In Angus v. Shiley, Inc., 989 F.2d 142, 147 (3rd Cir. 1993), the court did not eliminate the physical injury requirement, but merely stated that other courts had permitted causes of action for intentional infliction of emotional distress without a physical injury allegation where the wrongful conduct was either aimed specifically at the plaintiffs or would most likely have a special impact on them as opposed to a larger group of people. In denying recovery in light of the fact that plaintiff did not allege a direct physical injury, Angus cited cases involving conduct which had been found to have risen to the level of outrageous conduct required in cases such as Hackney. See Papieves v. Lawrence, 437 Pa. 373, 263 A.2d 118, 121-122 (1979) (involving a defendant who allegedly assisted another person who killed the plaintiff's son to conceal the body); Banyas v. Lower Bucks Hospital, 293 Pa. Super. 122, 437 A.2d 1236, 1238-39 (1981) (involving a defendant whose employees were alleged to have fabricated records to suggest that the plaintiff had killed a third party and caused criminal charges to be brought on plaintiff); Chuy v. Philadelphia Eagles Football Club, 595 F.2d 1265, 1273 (3rd Cir. 1979) (involving allegations that the defendant's team physician falsely stated to the press that plaintiff suffered from a potentially fatal disease).

 Here, we find that Plaintiff's alleged conduct does not rise to the same level of outrage as that suffered in the above cases such as would eliminate or diminish the requirement that physical injury as a result of the alleged conduct be alleged. Therefore, the Defendant's intentional infliction of emotional distress claim is dismissed for failure to state a cause of action under Pennsylvania law.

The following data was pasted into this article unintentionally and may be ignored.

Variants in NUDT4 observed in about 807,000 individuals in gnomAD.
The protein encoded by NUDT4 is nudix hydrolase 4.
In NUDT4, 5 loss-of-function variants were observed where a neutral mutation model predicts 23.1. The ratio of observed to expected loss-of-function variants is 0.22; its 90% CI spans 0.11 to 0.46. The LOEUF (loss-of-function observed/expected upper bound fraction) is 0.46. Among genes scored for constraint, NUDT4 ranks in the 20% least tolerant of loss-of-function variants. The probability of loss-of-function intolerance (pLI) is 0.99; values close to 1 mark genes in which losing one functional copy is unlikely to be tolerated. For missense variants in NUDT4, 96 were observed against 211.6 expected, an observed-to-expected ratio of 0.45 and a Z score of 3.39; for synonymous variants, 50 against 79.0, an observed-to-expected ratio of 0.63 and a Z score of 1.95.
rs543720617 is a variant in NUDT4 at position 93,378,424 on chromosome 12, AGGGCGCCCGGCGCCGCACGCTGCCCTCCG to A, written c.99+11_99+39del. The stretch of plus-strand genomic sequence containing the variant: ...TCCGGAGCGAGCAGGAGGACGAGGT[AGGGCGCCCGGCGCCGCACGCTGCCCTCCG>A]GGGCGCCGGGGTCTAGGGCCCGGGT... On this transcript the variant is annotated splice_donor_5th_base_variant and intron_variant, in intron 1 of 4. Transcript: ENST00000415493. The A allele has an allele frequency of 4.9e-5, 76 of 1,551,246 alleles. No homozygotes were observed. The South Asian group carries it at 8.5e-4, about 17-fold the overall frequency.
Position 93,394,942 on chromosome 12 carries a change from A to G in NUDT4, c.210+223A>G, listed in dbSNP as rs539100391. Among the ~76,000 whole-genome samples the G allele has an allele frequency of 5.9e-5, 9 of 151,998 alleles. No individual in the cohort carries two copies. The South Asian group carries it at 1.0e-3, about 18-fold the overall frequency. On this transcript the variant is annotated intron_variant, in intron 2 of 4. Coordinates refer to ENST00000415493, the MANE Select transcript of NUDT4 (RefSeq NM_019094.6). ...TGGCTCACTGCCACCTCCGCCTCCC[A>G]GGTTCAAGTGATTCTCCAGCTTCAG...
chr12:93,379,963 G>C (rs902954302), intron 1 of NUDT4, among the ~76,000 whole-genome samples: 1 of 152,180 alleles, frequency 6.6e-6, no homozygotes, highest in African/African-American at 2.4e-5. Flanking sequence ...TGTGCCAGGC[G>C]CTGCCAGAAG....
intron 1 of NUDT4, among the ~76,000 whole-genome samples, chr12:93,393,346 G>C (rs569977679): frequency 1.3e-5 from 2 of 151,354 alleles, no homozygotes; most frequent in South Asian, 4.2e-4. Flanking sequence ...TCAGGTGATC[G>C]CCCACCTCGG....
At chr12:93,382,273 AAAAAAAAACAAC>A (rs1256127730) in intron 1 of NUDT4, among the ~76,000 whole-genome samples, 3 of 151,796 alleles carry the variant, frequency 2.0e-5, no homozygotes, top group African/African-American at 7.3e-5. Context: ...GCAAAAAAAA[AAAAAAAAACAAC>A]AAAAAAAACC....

B. COUNT VI - UNFAIR INSURANCE PRACTICES

 Count VI of Defendant's Counterclaim attempts to state a claim for relief under the Pennsylvania Unfair Insurance Practices Act ("UIPA"). Act of July 22, 1974, P.L. 589, 40 Pa. C.S.A. §§ 1171.1 et seq. The UIPA was enacted to curb unfair or deceptive practices in the insurance industry. Pekular v. Eich, 355 Pa. Super. 276, 513 A.2d 427, 429 (1986). The UIPA's provisions are enforced by the Insurance Commissioner of the Commonwealth of Pennsylvania. 40 Pa. C.S.A. § 1171.7. The UIPA vests the Insurance Commissioner with the power to investigate specifically defined acts and practices of insurers. Pekular, 513 A.2d at 433. It is well settled, however, that the UIPA does not provide a private citizen with a cause of action against an insurer. Lombardo v. State Farm Mutual Automobile Insurance Co., 800 F. Supp. 208, 212 (E.D. Pa. 1992).

 However, the UIPA is not the sole and exclusive deterrent against unfair insurance practices and the UIPA does not pre-empt the Unfair Trade Practices and Consumer Protection Law. 73 Pa. C.S.A. §§ 201-1 et seq.; Pekular, 513 A.2d at 434. Defendant's Counterclaim includes Count IV for Bad Faith under 42 Pa. C.S.A. § 8371, which was enacted to provide private citizens with a cause of action for bad faith conduct by insurers, and Count V for violation of the Unfair Trade Practices and Consumer Protection Law under 73 Pa. C.S.A. §§ 201-1 et seq., which provides a private cause of action against an insurer for unfair or deceptive acts or practices. Accordingly, the Defendant's claim will go forward on Counts IV and V, but Count VI will be dismissed.

 C. COUNT VII - MISREPRESENTATION OR FRAUD

 A claim of misrepresentation or fraud must, in accordance with Federal Rule of Civil Procedure 9(b), state with particularity the circumstances which bring rise to the claim of fraud. In determining the sufficiency of a claim for misrepresentation or fraud, the most basic consideration is whether the necessary degree of detail was provided to give the adverse party adequate notice and the ability to prepare a responsive pleading. 5 Charles A. Wright & Arthur R. Miller, Federal Practice & Procedure, Civil 2d, § 1298 (1990). Rule 9(b) does not require date, time and place of fraudulent acts, provided the claimant supplies other means of precision and substantiation. U.S. v. Kensington Hospital, 760 F. Supp. 1120, 1125 (E.D. Pa. 1991). The purpose of Rule 9(b) is to give the adverse party fair notice of the charges. Id.